Frances shared that love in all directions, with everyone she met. Two decades ago I visited, and found her raising an impossible baby bird. The mother bird had given up on it, and Frontera Audubon staff didn't have enough time and patience to devote to the poor thing. It's jaw had been broken, on both sides. Just opening its mouth was excruciating for it. To feed the baby, you had to hold a tiny worm directly above its maw, then lower it perfectly in. If you touched the jaw with the worm, the baby would close its mouth in pain. If you wanted a second chance, you had to come back an hour later, when the starving baby was even more desperate. It was hard just watching the bird, and seeing its distress. As I said, an impossible job. Frances, with infinite patience and devotion, nursed that baby to health until it could fly away. She was my Aunt Frances of Assisi.

She truly made me a better person, through her example, and all the understanding and care she gave me. A few years after her baby bird rescue, Frances had an aneurysm on her heart, and almost died. They flew her up to Houston in a helicopter, and she turned out okay in the end. But she was weak and recovering, so I came down to the Valley and spent a couple months looking after her. I got to know her better than I had before. I'd always had a stormy relationship with Papa - he loved me, he just wasn't very good at it. He was caught up in being an alpha male, and making everyone else get with his program. As I got closer to Frances, I found she had every gift and tool that Papa had: brilliant, strong-willed, passionate, a hard and successful worker. But Papa used all those powers mostly to get his way. Frances had all the same powers, but chose a better goal. She looked around her to see who needed help, ann what jobs most needed doing, then she rolled up her sleeves and made everything a little better, every single day of her life.

For thirty years I'd been trying to decipher Papa, and find my place in relation to this overpowering character. As I grew closer to Frances I suddenly realized I'd been looking at a negative all along, and Frances was the same picture set right. She was a vision of color and light, and she still is, she lives on in all of our hearts.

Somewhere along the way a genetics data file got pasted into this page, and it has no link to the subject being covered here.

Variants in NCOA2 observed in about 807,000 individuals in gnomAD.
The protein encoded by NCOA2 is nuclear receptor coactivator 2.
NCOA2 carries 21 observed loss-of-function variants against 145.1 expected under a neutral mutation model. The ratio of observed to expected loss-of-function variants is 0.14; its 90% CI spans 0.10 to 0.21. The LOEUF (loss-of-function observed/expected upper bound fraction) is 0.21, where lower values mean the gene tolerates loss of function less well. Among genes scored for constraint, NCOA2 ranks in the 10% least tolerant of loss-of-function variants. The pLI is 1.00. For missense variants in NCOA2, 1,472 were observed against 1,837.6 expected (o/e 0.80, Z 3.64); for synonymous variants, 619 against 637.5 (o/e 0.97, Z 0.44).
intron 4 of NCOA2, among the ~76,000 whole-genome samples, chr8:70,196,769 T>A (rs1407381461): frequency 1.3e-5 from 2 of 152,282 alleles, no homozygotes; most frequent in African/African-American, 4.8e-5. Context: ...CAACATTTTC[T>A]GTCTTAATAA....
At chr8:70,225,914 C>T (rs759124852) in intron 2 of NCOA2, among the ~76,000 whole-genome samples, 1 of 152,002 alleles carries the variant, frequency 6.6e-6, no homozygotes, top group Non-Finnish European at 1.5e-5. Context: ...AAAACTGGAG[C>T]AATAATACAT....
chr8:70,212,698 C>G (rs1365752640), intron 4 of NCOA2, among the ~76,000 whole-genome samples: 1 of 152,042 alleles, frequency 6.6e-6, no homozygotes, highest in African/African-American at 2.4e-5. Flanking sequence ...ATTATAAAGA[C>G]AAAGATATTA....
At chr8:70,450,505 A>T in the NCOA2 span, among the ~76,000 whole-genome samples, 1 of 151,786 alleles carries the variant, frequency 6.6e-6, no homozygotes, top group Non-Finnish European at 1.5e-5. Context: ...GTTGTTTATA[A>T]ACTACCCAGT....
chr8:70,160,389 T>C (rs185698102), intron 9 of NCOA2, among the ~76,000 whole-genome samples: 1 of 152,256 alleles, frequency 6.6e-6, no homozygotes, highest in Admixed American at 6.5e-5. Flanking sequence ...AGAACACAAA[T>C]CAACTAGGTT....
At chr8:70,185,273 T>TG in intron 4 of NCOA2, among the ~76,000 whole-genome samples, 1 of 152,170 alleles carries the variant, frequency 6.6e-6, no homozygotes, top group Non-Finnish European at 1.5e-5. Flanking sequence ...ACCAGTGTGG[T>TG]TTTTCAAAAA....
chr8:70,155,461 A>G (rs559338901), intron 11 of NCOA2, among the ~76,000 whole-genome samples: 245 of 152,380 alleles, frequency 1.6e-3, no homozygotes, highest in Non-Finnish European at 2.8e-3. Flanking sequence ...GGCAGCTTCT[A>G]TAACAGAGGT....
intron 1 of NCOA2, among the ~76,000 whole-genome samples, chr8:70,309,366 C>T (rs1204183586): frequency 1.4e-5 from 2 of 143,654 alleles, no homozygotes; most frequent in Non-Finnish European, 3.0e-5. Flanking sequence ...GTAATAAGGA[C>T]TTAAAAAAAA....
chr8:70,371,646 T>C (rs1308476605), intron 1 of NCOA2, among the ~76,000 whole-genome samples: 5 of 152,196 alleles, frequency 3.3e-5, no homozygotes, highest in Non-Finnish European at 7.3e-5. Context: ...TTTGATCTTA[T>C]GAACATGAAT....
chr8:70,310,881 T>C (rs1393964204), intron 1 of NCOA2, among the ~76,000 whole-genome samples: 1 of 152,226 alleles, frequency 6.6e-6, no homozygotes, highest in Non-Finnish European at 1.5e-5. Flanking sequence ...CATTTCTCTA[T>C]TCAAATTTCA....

Frances also meted out the best putdown I ever got. We were watching the news together. I got worked up about politics and injustice, like I always do. I went off on a tirade for several minutes, until I realized I was raising my voice and droning on. So I said, "I'm sorry, I'm ranting on again."

Frances smiled. "That's okay. I don't listen."

I feel a bit smaller now, missing Frances. But I'm still taller than I'd be if she hadn't loved me so well.

Frances and the Dogs
The Valley Catholic says families are never perfect. But we do our best, in one way and another. Yesterday, my aunt stepped lightly from existence, she did not demur or hesitate, she went from day to night asleep in bed. The day before she died, we brought the dogs, and sat in morning unlight. Frances said she was a little cold. We brought a blanket, and some Kleenex if she needed it. At ninety-two, you sit and people fetch things. Xena jumped up to lick her face, and Zuki tried to climb into her lap. If Frances loved one thing, and she loved many, it was allthe dogs she’d nown over the years. A dog does not judge or resent. It will be glad to see you when you make it down. When I remember Frances, she is with her dogs.
To order memorial trees or send flowers to the family in memory of Frances W. Isbell, please visit our flower store.

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Saturday, May 14, 2016